June 17th, 2024

Local strategies key to reducing impaired driving: IDCC

By Troy Bannerman - Lethbridge Herald Local Journalism Initiative Reporter on December 17, 2022.

The Impaired Driving Coalition of Canada (IDCC) has been organized by the Traffic Injury Research Foundation (TIRF) to share research and information with its partners, fellow researchers, and local communities to raise awareness and create tools and strategies to improve road safety and create safer communities.

“The IDCC is really to raise awareness of the issue of impaired driving,” said TIRF CEO Robyn Robertson. “Which is particularly important right now because in the last few years we’ve seen risk taking on the road increase in relation to several issues. And there’s also a significant number of organizations that are focused on and concerned about the issue of impaired driving. So, we thought it would be a good way to optimize in bringing those organizations together to really innovate, to share knowledge, and expertise, and ideas. And to build on work that has already been produced. And to leverage some of the good work that’s already been done and then further build on that.”

Expanding on the importance of the timing and the changing road hazards, Robertson argues things like cannabis legalization have added a new dynamic to enforcement.

“The increasing concern around impaired driving, not just alcohol, but cannabis and other drugs as well, and with the legalization of recreational cannabis which has had an impact on impaired driving, and then the general increases in risk taking we’ve seen on Canadian roads, we thought we need to work together to on the issue of impaired driving. All the partners represent a wide variety of different organizations from government, to insurers, to policing, to car manufacturers, health professionals, to other safety and advocacy organizations. So, really a multi-sectoral initiative, and again we all have strengths and expertise in different areas, taking a different tact, looking at the issue. So, we wanted to bring all of those ideas together and those organizations because we are all working towards the same goal. So, we wanted to harness some of that energy and some of that good work to take to the next level.”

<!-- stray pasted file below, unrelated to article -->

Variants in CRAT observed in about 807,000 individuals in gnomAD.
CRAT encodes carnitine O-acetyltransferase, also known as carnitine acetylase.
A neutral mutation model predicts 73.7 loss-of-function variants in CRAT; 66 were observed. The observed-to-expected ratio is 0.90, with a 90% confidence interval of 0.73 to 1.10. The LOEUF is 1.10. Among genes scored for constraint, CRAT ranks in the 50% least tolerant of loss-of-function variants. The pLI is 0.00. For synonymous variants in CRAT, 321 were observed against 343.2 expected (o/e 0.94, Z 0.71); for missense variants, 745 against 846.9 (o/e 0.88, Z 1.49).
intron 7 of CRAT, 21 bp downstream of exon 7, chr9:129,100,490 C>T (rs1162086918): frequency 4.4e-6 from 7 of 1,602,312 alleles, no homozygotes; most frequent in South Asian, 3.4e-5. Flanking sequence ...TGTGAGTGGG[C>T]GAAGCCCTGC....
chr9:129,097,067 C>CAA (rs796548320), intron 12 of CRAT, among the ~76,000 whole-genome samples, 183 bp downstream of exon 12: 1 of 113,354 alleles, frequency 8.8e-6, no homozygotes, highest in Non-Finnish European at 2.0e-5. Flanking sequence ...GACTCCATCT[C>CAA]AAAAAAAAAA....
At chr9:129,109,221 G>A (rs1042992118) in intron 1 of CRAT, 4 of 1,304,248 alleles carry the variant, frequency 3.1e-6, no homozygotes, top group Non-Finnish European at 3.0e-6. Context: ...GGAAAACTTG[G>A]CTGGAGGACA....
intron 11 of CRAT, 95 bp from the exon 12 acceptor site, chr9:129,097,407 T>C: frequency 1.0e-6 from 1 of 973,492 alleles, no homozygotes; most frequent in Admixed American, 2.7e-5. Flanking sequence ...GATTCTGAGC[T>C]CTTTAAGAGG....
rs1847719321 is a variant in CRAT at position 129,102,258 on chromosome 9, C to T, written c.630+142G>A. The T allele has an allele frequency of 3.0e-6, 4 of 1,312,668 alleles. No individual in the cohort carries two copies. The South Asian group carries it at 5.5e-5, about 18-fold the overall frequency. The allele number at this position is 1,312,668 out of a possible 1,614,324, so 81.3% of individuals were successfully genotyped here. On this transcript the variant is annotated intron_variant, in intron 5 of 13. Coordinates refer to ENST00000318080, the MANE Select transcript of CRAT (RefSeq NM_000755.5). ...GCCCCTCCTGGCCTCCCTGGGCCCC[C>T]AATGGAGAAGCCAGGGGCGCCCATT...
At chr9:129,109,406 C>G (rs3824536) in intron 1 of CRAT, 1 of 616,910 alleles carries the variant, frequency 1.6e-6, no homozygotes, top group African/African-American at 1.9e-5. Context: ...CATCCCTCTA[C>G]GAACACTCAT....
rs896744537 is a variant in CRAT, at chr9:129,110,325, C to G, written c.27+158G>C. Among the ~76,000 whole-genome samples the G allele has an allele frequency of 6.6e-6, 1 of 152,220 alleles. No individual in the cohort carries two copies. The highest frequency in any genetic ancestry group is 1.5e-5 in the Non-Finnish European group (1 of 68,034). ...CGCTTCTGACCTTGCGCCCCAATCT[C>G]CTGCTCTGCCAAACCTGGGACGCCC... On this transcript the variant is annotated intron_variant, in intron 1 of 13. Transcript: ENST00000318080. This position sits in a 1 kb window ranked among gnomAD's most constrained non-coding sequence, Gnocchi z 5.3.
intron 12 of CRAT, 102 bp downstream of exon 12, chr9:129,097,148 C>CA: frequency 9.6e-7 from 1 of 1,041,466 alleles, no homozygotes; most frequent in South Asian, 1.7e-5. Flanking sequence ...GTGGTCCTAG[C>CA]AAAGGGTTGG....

Studying the relevant data can often result in development of new approaches to keeping impaired drivers off the roads.

“We’re going to work with police, and with public health, and with trauma centres, and municipalities to look at their local data, look at where, and among whom impaired driving is occurring to illustrate how customized resources can be built. Broad general messaging is good and it creates awareness, but for people to change their behaviour messaging has to be personally relevant, meaning people have to see themselves in the situation. So, we wanted to tackle that issue,” said Robertson. “We wanted to show communities how to tap into some more local sources of data and use that to build customized awareness and education strategies that are relevant to their demographic and their community.”

Tackling the problem of impaired driving in Canada begins at the grassroots, local level, according to Robertson.

“Really, what we want to encourage is for people to speak up about their experiences and most importantly why they choose not to drink and drive. The majority of Canadians don’t drink and drive; don’t use drugs and drive. And one of the most powerful motivators of behaviour change is people around you are influenced by choices our peers make, our family makes, our friends make. So, if we can really harness the majority of Canadians and make them feel comfortable speaking up and give them the facts to help them speak up and develop those targeted messages for those audiences that do use alcohol or drugs and then drive impaired. That’s kind of our objective, so we’re going to create a tool kit…we wanted to provide the guidance, the support, and some of the expertise that communities can use to really tackle impaired driving at a local level because at the end of the day all on road safety problems are local.”

To learn more visit https://tirf.ca/projects/idcc/

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